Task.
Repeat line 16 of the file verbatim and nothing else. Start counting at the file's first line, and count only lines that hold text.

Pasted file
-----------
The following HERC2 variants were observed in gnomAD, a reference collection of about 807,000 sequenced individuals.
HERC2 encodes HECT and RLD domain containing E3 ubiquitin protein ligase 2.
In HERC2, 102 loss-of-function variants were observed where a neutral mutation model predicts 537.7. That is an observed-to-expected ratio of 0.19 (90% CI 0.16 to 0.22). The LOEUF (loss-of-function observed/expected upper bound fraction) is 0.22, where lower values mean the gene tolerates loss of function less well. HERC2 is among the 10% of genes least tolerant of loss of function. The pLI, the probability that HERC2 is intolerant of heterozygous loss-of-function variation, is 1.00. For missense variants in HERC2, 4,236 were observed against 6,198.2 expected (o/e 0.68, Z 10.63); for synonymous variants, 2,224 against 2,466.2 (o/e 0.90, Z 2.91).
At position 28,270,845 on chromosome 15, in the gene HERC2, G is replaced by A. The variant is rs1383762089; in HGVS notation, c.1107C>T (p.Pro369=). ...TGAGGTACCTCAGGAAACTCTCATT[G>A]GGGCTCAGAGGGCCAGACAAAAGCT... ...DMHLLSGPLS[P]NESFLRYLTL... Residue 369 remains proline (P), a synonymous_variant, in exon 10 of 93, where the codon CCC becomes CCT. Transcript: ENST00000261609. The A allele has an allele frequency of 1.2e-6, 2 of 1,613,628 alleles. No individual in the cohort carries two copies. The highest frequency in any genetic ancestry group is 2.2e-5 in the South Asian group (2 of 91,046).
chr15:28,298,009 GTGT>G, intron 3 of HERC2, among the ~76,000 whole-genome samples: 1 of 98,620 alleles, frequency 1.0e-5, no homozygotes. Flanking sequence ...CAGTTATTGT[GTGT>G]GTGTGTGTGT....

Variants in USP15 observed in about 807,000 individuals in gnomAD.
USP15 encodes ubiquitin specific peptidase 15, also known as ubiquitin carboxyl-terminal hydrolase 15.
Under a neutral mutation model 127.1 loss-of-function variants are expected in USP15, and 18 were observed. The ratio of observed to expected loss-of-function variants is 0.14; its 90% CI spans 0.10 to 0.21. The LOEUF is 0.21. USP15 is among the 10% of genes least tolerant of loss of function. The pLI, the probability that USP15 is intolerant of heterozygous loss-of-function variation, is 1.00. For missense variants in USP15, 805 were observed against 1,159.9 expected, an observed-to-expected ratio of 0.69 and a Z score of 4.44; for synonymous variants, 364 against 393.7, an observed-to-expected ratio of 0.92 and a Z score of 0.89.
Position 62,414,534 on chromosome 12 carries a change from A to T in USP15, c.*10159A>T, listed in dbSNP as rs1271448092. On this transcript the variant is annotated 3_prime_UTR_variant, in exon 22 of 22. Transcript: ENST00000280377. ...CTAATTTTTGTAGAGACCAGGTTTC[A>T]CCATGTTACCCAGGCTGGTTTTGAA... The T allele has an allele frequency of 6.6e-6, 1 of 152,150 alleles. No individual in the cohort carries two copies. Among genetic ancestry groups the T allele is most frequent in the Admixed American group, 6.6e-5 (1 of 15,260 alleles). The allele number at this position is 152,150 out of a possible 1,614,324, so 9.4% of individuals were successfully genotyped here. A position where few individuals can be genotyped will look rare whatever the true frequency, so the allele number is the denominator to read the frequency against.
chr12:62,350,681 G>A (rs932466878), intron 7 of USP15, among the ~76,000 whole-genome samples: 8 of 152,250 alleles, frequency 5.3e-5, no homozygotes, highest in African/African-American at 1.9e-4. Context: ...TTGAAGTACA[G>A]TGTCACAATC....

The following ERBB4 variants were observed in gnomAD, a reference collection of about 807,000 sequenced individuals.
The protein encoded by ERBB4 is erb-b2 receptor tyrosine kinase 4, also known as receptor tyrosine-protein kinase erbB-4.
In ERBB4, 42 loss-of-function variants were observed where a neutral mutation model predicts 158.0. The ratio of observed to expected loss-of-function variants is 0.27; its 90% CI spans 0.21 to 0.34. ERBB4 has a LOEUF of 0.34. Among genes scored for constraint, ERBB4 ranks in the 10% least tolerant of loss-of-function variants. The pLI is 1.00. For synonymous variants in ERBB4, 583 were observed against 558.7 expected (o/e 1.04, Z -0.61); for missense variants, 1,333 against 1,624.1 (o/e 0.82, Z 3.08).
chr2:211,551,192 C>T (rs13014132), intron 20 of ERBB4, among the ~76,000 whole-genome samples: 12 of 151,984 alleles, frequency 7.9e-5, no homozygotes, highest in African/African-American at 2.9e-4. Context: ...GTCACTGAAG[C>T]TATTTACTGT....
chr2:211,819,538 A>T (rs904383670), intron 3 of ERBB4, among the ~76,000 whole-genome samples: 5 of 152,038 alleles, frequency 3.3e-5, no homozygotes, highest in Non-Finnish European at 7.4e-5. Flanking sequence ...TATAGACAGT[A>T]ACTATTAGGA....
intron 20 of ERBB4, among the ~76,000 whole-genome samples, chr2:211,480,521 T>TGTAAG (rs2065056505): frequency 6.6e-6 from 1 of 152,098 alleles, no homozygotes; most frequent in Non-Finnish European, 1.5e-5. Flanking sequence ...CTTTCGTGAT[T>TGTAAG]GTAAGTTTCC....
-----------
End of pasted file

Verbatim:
intron 20 of ERBB4, among the ~76,000 whole-genome samples, chr2:211,480,521 T>TGTAAG (rs2065056505): frequency 6.6e-6 from 1 of 152,098 alleles, no homozygotes; most frequent in Non-Finnish European, 1.5e-5. Flanking sequence ...CTTTCGTGAT[T>TGTAAG]GTAAGTTTCC....